Updated: Feb 17, 2020
The Relationship between Chinese Martial Arts and Healing Arts
Anyone who has spent some time studying sinology, or Chinese culture, will find that a common philosophy underlies all aspects of culture. Like a great reservoir that all the rivers flow from and return to. Often called the Dao, or The Way, it is an indefinable yet ever quiescent substance. The Dao becomes a unity or Tai Yi, which splits into two, Tai Ji, commonly known as Yin and Yang. Yin and Yang as a philosophy precedes Daoism by at least a millennia, appearing to be known as early as the Xia and Shang dynasties. The trigrams or Bagua, are attributed to Fu Xi, the first man in Chinese tradition, he is the teacher of writing and language as well as divination, and the legendary author of the I Ching.
Yin and Yang continue subdividing from 2, to 3, to 4, to 5 and on infinitely. As all things have their origin in Yin and Yang changes, all aspects of Chinese culture are grounded in that context. When Buddhism came to China it was also adopted into this context. The concept of Qi is a great example of the connection that exists between all aspects of Chinese culture, running through all levels of society and nature. Qi as a Chinese character appears as a pot of steaming rice. A myriad of meanings are all packed together here, one of the energy in food, one of phases changing, the process of heating, absorbing and cooking, going from subtle to dense, one about vapor and fluid being two sides of the same thing, and an underlying unity of action and inaction, the more one extrapolates the more meanings can be found, showing the influence of the Dao, and how it can generate ten thousand names for something that is all one.
Qi is known and used in both Chinese Medicine and Chinese Martial Arts. It refers to the total vitality and transformational ability in the person, like a quotient of efficiency. Qi in a person has many different forms, some are hard, some are soft, some are formed, and some are closer to the formless, they are all more dynamic then physical substances. In Chinese Medicine, pathological imbalances resulting either from the inside or outside are restored with a variety of therapies. When prescribing these therapies a Chinese Medicine doctor bases his diagnosis not on symptoms alone, but on the patients unique disposition, emotional makeup, the prevailing celestial and temporal influences (such as weather, season, time of day, and the other environmental factors), and whatever other information he can glean, whether explicit or not.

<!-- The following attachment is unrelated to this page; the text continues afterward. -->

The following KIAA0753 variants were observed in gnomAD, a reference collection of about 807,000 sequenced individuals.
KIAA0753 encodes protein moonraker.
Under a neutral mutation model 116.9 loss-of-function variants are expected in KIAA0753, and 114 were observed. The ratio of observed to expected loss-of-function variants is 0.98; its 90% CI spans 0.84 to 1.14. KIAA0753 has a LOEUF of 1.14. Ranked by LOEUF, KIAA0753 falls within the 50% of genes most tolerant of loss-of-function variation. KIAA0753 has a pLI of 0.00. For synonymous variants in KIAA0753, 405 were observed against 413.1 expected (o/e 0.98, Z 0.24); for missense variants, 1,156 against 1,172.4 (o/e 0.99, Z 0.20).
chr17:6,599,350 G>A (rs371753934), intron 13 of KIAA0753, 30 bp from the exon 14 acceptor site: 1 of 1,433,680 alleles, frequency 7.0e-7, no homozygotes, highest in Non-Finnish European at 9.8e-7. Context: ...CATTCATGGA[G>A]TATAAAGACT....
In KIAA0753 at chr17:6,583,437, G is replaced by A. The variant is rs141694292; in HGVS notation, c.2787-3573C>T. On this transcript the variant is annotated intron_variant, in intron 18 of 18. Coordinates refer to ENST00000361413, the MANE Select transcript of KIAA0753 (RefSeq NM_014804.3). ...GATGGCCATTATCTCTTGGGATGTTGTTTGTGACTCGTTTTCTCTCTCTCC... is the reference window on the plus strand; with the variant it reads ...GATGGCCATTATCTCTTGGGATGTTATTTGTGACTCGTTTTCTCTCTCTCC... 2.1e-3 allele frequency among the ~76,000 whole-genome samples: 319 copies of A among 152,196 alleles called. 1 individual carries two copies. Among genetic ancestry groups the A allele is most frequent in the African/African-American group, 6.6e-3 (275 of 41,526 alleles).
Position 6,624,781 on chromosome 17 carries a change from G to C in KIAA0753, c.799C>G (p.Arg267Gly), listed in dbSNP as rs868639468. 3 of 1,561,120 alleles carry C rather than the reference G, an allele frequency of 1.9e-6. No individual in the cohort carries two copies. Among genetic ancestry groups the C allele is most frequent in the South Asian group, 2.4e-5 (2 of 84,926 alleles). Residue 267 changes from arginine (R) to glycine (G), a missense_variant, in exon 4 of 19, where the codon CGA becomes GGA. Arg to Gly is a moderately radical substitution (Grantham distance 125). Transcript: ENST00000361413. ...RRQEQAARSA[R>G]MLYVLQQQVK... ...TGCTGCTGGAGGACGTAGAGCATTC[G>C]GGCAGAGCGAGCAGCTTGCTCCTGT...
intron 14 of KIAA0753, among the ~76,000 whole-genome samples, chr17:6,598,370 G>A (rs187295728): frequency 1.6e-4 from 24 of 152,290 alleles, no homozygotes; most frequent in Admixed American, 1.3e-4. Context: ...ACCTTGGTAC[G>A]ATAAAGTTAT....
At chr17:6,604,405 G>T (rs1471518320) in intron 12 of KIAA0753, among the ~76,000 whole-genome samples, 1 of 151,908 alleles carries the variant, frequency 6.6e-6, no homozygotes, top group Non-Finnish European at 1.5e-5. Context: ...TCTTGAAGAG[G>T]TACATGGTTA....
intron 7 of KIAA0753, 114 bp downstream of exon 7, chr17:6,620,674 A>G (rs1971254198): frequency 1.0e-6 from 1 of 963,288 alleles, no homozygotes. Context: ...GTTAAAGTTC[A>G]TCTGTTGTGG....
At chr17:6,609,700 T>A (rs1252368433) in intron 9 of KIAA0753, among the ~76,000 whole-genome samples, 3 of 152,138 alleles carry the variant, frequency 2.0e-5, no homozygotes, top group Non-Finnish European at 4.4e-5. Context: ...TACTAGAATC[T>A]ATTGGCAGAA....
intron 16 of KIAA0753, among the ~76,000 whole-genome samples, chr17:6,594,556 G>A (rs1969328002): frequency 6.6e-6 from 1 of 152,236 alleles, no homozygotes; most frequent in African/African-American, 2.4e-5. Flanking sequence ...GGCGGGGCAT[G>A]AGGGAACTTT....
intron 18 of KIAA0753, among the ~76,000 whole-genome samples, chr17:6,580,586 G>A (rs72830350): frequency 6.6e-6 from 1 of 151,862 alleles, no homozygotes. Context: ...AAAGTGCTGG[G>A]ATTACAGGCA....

In Chinese Martial Arts the philosophy is quite similar, and both can be related to the Chinese classic, The Art of War by Sunzi. As China was an imperial society, the effects of the empire rippled down to every job and economic class in the empire, each persons health being a result and responsibility of the empire's function. In Chinese Martial Arts invaders and attackers are repelled, restrained, and defeated by the use of shapes that protect the Zang Fu, or Organs, while also delivering a response of energy to the attacker. In order for there to be a reason to attack, there must already be some vulnerability or deficiency the tactician or doctor can exploit. In this way the Yin Yang philosophy is manifesting, for the encroachment upon one set of boundaries, the enemies boundary will also be influenced. In other words any Yang influence will have a Yin reaction. The allocation of resources to one place takes them from somewhere else. The Martial Arts philosophy is not about attacking, any attack returned should be a consequence incurred by the attacker, never strike first, same as the Art of War and Chinese Medicine, don't treat what doesn't need to be fixed, win without fighting.
Martial Arts and Chinese Medicine have a lot in common, by knowing different attackers, their strategies, and the forces in Heaven and Earth which compliment or hurt them, a successful and fruitful defense can be mounted.
The Art of War by Sunzi